Under Hochul’s proposal, the state Department of Financial Services — which oversees banks in the state — would be tasked with regulating Buy Now, Pay Later companies that loan to New Yorkers. The agency would be required to come up with rules to prohibit “abusive and excessive” late fees, require the lenders to clearly lay out their terms and report their loans to the credit-reporting agencies.
But the governor’s proposal could set up a potential lobbying battle in Albany as she and state lawmakers negotiate a spending plan over the next two months. A final budget is due March 31, though the governor and lawmakers have blown that deadline in recent years.
So far, the major Buy Now, Pay Later companies are taking a cautious approach.
Penny Lee, president of the Financial Technology Association, says consumers like having the option to split their payments, interest-free. Her organization — which represents Klarna, Zip, PayPal and Afterpay — commissioned a poll showing 79% of consumers who used BNPL had a positive experience.
“We look forward to working with regulators and elected leaders to balance consumer protection with innovation so that people can continue to use the financial tools they depend on,” Lee said in a statement.
In a separate statement, Matt Gross, a spokesperson for Affirm, said the company makes “consistent and transparent disclosures” about its terms to consumers at checkout, doesn’t charge late fees and assesses each transaction for risk. He said the company has “long been vocal in our support of efforts that promote greater choice and transparency for consumers, including thoughtful regulation.”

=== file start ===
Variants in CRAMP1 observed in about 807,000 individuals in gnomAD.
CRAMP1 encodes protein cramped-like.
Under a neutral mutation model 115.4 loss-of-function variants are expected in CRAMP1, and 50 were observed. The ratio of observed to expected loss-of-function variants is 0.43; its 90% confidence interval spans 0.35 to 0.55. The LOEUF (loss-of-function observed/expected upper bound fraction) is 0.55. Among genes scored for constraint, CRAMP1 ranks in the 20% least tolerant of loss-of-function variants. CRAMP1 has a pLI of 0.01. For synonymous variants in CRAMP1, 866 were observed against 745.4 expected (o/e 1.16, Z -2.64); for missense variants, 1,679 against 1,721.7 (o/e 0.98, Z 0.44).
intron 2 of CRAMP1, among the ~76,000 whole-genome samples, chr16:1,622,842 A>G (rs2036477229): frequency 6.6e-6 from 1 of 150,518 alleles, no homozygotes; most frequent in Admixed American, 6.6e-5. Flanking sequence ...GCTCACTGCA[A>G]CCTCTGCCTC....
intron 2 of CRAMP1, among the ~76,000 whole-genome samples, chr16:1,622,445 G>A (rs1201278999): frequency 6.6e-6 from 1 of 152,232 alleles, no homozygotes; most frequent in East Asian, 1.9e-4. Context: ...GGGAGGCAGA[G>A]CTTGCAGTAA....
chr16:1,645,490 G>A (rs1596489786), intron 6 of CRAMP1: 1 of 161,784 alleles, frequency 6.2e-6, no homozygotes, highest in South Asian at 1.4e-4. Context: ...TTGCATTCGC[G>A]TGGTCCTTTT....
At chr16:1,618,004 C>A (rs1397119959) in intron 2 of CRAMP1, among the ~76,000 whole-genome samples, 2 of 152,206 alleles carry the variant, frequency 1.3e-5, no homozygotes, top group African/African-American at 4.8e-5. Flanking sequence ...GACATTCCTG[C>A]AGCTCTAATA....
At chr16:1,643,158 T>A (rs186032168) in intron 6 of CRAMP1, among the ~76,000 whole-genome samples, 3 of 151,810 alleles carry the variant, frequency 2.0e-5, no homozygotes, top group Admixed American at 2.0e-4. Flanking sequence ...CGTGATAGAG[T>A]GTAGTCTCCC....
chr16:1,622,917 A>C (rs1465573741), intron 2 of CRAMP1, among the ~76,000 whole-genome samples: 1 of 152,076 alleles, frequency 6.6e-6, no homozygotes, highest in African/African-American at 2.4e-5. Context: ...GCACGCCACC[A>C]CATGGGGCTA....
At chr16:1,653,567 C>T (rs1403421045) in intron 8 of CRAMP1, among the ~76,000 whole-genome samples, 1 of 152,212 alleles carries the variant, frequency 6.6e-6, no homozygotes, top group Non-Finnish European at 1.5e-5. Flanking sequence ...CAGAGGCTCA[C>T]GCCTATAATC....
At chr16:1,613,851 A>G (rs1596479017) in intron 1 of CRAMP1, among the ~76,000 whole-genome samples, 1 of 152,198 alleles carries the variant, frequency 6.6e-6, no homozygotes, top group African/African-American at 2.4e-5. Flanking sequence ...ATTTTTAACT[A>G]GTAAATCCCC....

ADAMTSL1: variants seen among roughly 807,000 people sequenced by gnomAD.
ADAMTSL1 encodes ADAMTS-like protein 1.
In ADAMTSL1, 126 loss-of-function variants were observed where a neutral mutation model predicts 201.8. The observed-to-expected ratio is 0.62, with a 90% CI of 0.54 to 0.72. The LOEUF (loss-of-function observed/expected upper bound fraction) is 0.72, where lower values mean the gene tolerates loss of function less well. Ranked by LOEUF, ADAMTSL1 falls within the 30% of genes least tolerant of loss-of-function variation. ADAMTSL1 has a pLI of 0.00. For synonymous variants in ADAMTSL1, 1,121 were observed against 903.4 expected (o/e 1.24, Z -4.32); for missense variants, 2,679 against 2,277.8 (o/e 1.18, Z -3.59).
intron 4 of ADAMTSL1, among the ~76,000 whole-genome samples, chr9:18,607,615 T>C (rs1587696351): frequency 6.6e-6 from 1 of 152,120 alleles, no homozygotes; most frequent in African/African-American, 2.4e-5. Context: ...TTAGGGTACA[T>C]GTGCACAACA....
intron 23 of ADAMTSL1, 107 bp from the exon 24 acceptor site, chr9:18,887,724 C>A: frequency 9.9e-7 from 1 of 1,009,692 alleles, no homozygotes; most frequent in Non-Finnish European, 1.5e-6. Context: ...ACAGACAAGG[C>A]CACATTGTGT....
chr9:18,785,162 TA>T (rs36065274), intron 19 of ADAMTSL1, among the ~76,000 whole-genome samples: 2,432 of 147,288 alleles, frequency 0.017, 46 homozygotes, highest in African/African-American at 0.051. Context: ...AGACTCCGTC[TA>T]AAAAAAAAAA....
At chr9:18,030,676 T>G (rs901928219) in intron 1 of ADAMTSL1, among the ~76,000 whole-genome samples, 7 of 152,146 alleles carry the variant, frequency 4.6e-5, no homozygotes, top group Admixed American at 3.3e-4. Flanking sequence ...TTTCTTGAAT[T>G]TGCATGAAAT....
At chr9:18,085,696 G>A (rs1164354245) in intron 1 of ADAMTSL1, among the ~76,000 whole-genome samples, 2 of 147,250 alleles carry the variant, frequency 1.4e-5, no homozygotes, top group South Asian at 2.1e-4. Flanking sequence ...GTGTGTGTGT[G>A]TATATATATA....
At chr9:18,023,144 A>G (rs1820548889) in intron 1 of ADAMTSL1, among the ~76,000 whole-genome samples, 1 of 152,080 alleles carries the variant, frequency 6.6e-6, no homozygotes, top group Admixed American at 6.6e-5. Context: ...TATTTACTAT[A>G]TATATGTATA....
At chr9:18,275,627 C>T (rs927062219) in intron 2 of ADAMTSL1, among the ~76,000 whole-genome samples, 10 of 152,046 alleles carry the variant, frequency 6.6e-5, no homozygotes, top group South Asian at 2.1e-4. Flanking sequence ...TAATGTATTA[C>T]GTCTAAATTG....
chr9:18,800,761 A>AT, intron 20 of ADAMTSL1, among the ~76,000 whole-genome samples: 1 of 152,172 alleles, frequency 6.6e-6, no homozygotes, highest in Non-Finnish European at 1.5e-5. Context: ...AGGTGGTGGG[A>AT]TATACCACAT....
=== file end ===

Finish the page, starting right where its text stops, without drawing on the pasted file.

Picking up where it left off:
The company also says it is open to changes to credit reporting to “account for BNPL.”
But Gross also noted: “We are subject to extensive regulation and oversight, both directly and indirectly, by way of our partnership with our originating bank partners, under federal law and the laws of the states and provinces in which we operate.”
DeHaan said the extent to which Buy Now, Pay Later companies are voluntarily offering consumer protections is “debatable.” But he said requiring them to report to credit agencies is key.
Without that, consumers can find themselves susceptible to what’s known as “debt stacking” — maxing out one line of credit and turning to other lines of credit before paying off the first. If the BNPL loans are reported, then lenders can use that information to determine whether someone should be offered a loan.
DeHaan’s research has shown Buy Now, Pay Later users tend to experience more bank overdraft fees and credit card interest and fees than non-users. His 2022 research paper, authored with three other professors, is titled: “Buy Now Pay (Pain?) Later.”
“I would want to sort of dig into exactly what regulations that New York is going to introduce, but if it’s ones that are sort of the basic protections that we already see for credit cards, I think this is a great thing,” deHaan said.
The state Legislature will begin holding public hearings on Hochul’s budget proposal next week.
Assemblymember Nily Rozic, a Queens Democrat who chairs her chamber’s consumer protection committee, said she agrees with Hochul that the state should step in.
“These are financing products that are not covered by federal laws or regulation,” she said. “So there’s tremendous potential for states to intervene.”